The main streets in the UK are declining across the UK. Businesses are shifting to shopping centers where parking is free and are easily accessible because of. A lot of brands were forced to shut their doors, and a lot of them have managed to move online to take advantage of the growth of this market.
The gambling industry is one of the industries which have been stricken by the decline of the high-street off. There was a time when the streets were a bustling activity, but for bookmakers the bookmakers have been forced to adapt and move to the internet.
The statistics don’t make for an enjoyable reading experience either. The numbers have been steadily decreasing since the 90s, and while bookmakers still manage to earn a decent profit in their stores however, their popularity has certainly waned. The stigma surrounding the industry and the rise in problematic gamblers (or at the very least, the rise in the number of new people who surround them) certainly had an adverse effect on the way the shops are portrayed.
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The number of betting Shops
At the height of its popularity at the time, the UK was home to more than 16,000 betting establishments across the country. They were found in almost every city and town and often had multiple brands to select from each. The websites they acquired were well-known which meant that they were usually in the middle of major streets instead of being hidden in side streets or away from view.
In the year 2019, it was reported that the number was reduced to 8,423, which is about half of the “glory” times. The issue currently is that the numbers continue to decline each year. From 2017 to 2018, the decline was about 1.5 percent overall, and more than 100 stores closing. These numbers are pretty steady considering the recent closures the industry has experienced.
But, the numbers appear to be shockingly low in comparison to what they were. They’ve actually seen some stabilisation over the past decade or so, and it’s only been since the year 2018 that the numbers have been declining yet again. In fact, there are more betting shops on the high street operating today than there were in 2009, with the peak being recorded in 2012, which saw that increase to 9128 in 2012.
Online & Mobile Betting
Let’s discuss the first major change that cut off nearly half of the betting industry. It was primarily due to the rise in mobile and online betting. In the beginning, players could bet at the convenience at home, or even traveling. There was no requirement to go into the betting shops and the betting could be carried out discreetly and virtually anonymously when a person wanted.
The advent of online betting has changed the gambling industry for the better and, while the numbers have risen to an industry currently worth PS14.4bn annually in the UK as a whole, the negatives of this success was felt the most on the high streets. It is also worth looking at the amount of bookmakers who are located on track at racecourses, who have experienced the same trend of decline to the high street because of people not attending as many meetings , and also betting on their smartphones while racing.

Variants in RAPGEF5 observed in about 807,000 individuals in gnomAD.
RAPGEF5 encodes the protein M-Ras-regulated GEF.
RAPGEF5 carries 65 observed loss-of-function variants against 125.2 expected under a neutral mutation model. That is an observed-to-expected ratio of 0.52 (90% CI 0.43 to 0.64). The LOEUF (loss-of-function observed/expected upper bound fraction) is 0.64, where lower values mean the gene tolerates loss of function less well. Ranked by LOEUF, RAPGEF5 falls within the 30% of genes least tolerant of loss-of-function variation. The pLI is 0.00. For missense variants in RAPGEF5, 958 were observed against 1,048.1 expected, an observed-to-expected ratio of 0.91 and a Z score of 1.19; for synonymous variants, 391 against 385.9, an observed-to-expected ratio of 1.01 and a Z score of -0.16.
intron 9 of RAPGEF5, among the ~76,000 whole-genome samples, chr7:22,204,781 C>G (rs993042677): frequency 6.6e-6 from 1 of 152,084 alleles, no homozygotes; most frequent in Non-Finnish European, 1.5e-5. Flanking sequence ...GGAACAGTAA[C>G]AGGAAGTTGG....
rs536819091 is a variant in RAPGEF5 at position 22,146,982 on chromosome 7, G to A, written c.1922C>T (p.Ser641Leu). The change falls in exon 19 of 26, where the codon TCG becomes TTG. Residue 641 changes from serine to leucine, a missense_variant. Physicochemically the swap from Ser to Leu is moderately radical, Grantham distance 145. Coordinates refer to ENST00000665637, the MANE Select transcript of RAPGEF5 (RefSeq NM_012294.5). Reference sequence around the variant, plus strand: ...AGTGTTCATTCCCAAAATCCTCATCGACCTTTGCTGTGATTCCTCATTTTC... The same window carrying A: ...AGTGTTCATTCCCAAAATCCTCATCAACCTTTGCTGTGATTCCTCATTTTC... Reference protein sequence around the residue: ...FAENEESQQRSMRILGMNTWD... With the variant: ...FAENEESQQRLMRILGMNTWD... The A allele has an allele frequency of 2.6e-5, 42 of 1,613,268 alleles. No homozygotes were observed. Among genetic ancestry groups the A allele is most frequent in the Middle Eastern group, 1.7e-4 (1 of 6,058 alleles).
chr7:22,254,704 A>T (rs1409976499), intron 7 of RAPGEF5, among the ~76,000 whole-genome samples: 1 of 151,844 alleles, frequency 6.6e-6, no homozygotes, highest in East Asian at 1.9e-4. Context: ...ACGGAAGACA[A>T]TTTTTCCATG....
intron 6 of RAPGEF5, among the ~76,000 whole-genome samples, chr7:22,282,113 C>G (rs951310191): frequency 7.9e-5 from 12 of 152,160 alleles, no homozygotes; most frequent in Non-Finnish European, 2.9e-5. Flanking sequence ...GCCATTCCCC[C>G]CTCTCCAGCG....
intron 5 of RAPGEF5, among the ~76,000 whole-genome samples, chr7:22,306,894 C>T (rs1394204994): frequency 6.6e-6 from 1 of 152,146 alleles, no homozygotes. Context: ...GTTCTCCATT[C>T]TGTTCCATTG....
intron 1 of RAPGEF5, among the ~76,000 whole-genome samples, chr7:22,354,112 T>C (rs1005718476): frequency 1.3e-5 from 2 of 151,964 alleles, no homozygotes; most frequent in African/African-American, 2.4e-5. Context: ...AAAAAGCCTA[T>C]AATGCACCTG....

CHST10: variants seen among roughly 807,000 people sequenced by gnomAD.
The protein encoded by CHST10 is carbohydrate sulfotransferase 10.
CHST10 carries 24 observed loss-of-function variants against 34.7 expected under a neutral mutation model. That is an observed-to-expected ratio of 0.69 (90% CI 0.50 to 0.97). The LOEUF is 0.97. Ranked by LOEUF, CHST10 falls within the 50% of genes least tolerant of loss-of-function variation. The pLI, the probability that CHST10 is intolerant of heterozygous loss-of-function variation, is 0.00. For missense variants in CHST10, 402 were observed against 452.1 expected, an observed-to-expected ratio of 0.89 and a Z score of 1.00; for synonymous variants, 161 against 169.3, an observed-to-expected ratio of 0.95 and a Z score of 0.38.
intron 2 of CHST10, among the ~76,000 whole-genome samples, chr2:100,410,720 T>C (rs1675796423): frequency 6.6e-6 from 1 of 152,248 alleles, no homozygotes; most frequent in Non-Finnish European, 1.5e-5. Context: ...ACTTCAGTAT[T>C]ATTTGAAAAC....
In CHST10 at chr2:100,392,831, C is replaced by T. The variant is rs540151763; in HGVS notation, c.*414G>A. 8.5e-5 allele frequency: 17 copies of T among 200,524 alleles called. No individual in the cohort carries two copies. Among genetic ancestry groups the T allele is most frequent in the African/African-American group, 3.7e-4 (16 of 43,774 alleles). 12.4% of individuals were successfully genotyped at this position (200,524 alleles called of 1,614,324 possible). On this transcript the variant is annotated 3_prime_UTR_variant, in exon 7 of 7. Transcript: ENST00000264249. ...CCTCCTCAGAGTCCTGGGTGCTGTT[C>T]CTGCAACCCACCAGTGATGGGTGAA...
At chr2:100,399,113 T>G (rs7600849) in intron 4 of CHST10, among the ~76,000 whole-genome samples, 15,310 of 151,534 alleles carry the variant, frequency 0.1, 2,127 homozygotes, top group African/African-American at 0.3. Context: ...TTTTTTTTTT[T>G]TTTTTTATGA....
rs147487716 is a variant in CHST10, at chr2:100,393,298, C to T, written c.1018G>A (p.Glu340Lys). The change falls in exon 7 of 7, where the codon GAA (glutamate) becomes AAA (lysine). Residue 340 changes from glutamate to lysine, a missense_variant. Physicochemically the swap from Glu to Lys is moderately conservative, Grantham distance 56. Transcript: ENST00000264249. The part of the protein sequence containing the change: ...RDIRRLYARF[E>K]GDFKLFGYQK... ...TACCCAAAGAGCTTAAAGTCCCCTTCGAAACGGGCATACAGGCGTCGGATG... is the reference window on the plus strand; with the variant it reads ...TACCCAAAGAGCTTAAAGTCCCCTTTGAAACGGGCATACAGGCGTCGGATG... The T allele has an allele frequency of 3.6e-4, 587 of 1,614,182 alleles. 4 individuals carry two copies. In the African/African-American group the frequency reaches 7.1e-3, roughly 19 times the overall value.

To give you an understanding of the popularity of betting via remote, during the year 2019 it was reported that they saw the growth of online gambling of 2.9 percent for the year. The market for remote betting has reached 38.8 percent, a figure that has grown by 6% within just three years. The numbers will increase as the generations that have been raised with technologies will be able to utilize remote devices over the high street.
The Rise and The Fall of Fixed Odds Betting Terminals
However, there have been periods of stability for high-street bookmakers, and this can be observed in the fact that they increased the number of betting shops between 2012 and 2011. The primary reason behind this was FOBT (Fixed Odds Betting Terminals).
They are basically mini casinos and include games like Roulette as well as Blackjack. They let gamblers bet huge amounts of money quickly, and then losing large amounts of money rapidly. They became huge money-making machines for gambling shops, and are among the primary reasons that many betting establishments were able to keep their doors open.
However, The Gambling Commission ordered that the number of machines in each shop be restricted to 4 machines to prevent them from becoming more of a casino rather than a betting shop. This had a direct impact on the bookmakers’ revenues, which were now restricted.
The solution came by simply opening more stores in order to run more FOBTs. While bookmakers wouldn’t confess to opening new stores to accommodate the machines, those in the know knew the reason they were doing it. It was unusual to find two or more bookmakers from the same name in the same street, just to run more machines.
Like most things that all good things have to be ended eventually and that’s exactly the case with FOBTs. According to the Gambling Commission researched that these machines were among the primary causes of problems with betting in UK which has continued to increase following the introduction of video-based casino games.
To stop this, the betting limits for maximum bets of PS2 were added on to these machines in order to prevent losing too much money too fast. The first time this happened was in the year 2018 and it’s not a coincidence that since the amount of money that machines are now able to make is limited and the number of betting shops has begun to shrink. In reality, both the years 2018 and 2019 have witnessed the largest decrease in betting shops in the past 10 years, and it appears that this trend will last but in a slower pace than what many experts had anticipated at the time that the new laws were approved.